Throughout May, I regularly Facetimed Kyle. He had what we liked to call his “resting grumpy face.” (It sort of looked like that emoji where the mouth is an upside-down “U.”) He was able to mouth words like “hi” but wasn’t very communicative. If you held his hand, he’d sometimes squeeze once for yes and twice for no. He could answer questions by snapping once or twice, too. But sometimes he wouldn’t do either. Still, without seeing him snapping or mouthing the occasional word, I’d have been having a completely one-way conversation with him. He spent his days in therapy, working on redeveloping muscle tone so one day he could learn to walk again. His occupational therapist would give him a phone to see if he would put it to his ear and try to talk. She gave him a comb and asked to him comb his hair.
He was progressing, but it wasn’t a constant upward tick. Some days when I’d talk to him, he’d have his face turned from the iPad and wouldn’t respond to questions. I would ask if he was in pain, and he might give a slight shake of his head but it wasn’t clear if much else I was saying was making an impact. I often FaceTimed through my computer and hold up my phone to show him videos I thought he’d like, such as Titus Andromedon’s “Outside Bones” song from Unbreakable Kimmy Schmidt. I also sang along to songs we used to listen to together.
One Sunday in May, I asked him what day tomorrow would be. He mouthed “Monday.” It was hard to make out things he was mouthing, so his speech therapist used a board with letters to have him spell out words. She asked his favorite breakfast, and he pointed out C-H-A then stopped. Both the therapist and my mom were stumped, before my mom realized he was spelling charcuterie, which he’d often get at a local restaurant for brunch. We were all astonished, and the fact that he couldn’t spell charcuterie didn’t surprise us. Spelling had never been his strong suit.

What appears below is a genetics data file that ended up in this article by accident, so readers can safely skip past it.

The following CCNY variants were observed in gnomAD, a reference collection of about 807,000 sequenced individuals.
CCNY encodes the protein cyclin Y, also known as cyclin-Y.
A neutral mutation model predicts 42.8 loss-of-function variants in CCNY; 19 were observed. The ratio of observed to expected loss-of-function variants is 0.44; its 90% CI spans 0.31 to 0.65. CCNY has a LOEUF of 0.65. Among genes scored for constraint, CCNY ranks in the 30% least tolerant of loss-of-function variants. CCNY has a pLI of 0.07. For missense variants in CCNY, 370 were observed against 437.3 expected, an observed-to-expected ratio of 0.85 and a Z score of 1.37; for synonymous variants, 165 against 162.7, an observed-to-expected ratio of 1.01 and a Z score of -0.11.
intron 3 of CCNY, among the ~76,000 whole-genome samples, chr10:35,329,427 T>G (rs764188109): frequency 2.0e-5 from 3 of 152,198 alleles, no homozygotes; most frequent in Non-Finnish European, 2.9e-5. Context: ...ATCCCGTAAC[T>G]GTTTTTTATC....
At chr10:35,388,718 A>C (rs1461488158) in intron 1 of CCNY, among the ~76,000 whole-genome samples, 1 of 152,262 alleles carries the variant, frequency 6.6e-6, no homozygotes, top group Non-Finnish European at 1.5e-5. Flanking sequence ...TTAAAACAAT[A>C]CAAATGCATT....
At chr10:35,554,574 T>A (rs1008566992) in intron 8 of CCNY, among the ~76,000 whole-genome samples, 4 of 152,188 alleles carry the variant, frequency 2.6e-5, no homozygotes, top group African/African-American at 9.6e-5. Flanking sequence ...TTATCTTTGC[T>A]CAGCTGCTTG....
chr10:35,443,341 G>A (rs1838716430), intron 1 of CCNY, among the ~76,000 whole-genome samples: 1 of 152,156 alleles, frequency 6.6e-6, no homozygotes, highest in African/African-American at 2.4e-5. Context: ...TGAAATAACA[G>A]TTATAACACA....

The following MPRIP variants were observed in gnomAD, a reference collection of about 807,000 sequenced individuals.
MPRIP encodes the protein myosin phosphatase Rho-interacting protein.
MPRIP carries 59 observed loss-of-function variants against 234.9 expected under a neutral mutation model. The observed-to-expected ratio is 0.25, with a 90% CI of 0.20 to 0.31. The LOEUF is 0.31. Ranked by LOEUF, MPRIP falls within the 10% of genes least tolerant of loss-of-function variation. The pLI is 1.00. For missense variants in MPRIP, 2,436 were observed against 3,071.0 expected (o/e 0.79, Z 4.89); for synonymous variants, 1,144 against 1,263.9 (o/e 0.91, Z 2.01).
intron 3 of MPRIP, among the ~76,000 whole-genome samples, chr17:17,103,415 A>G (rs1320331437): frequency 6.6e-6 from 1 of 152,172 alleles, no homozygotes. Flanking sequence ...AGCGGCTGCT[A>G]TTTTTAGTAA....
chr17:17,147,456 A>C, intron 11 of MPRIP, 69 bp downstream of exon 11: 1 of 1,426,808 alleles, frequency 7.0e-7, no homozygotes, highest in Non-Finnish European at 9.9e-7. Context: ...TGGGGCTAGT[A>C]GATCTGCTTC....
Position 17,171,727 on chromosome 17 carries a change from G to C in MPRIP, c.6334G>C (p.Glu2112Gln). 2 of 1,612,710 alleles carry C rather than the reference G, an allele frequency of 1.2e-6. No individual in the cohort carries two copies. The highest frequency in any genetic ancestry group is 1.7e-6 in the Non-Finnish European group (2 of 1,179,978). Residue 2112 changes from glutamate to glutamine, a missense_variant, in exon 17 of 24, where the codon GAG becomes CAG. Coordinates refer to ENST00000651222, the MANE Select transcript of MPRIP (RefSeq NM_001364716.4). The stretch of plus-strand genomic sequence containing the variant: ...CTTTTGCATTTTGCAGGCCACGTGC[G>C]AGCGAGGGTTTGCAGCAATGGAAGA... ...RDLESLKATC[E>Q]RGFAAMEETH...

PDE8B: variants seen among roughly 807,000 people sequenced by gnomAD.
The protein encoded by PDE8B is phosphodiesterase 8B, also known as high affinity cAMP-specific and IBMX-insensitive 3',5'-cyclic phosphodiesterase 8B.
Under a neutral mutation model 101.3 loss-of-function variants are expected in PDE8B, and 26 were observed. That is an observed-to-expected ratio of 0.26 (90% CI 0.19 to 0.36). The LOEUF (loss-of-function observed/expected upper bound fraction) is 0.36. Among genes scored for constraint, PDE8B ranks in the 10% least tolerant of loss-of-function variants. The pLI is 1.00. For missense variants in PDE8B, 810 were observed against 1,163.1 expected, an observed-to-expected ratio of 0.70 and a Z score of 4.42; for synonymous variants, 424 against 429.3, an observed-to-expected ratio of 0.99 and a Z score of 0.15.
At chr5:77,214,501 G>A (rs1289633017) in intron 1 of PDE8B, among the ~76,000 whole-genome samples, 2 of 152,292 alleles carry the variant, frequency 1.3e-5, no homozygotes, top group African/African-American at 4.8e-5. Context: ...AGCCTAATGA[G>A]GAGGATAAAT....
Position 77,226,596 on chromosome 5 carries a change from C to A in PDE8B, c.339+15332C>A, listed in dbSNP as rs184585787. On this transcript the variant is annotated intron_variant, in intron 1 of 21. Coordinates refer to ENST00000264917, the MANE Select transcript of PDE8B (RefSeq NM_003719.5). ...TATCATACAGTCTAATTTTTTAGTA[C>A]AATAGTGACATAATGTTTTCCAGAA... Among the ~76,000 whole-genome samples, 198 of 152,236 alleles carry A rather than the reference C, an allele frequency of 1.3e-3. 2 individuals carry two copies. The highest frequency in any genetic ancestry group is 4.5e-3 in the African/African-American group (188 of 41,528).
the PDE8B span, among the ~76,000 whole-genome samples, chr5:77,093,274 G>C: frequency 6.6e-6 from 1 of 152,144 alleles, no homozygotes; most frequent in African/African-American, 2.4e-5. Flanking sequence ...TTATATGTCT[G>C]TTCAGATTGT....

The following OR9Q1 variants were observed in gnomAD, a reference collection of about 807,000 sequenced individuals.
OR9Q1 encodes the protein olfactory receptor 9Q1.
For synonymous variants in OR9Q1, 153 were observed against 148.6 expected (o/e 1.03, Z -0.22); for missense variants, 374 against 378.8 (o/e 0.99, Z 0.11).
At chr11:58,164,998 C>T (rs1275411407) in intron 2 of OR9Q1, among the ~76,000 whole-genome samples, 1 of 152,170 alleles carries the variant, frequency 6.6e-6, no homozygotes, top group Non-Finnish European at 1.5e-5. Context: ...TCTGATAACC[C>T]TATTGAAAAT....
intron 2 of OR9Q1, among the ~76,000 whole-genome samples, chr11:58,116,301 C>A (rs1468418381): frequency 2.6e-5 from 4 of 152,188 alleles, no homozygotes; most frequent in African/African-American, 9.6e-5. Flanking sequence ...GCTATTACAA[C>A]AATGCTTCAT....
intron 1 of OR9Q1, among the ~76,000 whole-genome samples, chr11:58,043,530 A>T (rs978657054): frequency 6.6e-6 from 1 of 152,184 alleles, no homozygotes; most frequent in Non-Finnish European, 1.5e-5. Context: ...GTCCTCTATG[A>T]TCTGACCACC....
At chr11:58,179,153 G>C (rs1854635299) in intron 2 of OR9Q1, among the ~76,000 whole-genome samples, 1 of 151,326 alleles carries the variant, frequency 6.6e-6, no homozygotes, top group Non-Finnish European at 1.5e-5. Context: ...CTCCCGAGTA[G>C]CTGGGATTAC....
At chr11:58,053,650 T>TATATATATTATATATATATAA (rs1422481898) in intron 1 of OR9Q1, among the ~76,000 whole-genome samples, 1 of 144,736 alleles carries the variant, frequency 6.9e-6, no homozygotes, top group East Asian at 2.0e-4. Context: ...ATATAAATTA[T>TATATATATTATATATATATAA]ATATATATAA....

By the end of June, Kyle was able to get out a few scratchy whispers. It was clear he could follow complex discussions, like when I explained Brexit to him. It wasn’t until he relearned to use his voice — which was higher pitched and more monotone than before — that we really knew he still had his same sense of humor. Upon hearing how musically inclined Kyle is, one of the nurses said he was “Just like Prince.” “I’m prettier,” Kyle replied. When my sister told him he was putting on some weight, Kyle boasted he was working on his “dad bod.”
So much technology and technique went into saving my brother’s life, that I’m not even sure how he would have fared even 10 years ago.
When people romanticize different eras — 1920s Paris, say — it’s not fun for me to participate. So much technology and technique went into saving my brother’s life, that I’m not even sure how he would have fared even 10 years ago. I could talk about the monitors, with their mysterious squiggles and numbers my family learned to decipher. Or the MRI machines that gave us glimpses inside his head. But it was FaceTime that let me see that, while he couldn’t always remember what he’d eaten 20 minutes earlier or recall where I worked, he could still remember every word to songs that I burned onto CDs for him 15 years ago.
He wasn’t able to go to my brother’s wedding in August, but he watched the whole ceremony from his bed at the rehabilitation center. I was FaceTiming when I saw that first smile. No one knows how much more progress he’ll make or what the timeline looks like, but at least I’ll be able to watch it happen, even from several states away.
My sister had a baby at the end of April, two months after Kyle’s accident. I got my first glimpse of her on FaceTime. Since she lives in Michigan, too, I also FaceTime with her regularly. Though she’s only seven months old, she already recognizes the ding my sister’s phone makes when I FaceTime and immediately, she starts smiling.
An estimated 2.4 million children and adults sustain a traumatic brain injury each year in the U.S. For more information, you can visit The Brain Injury Association of America.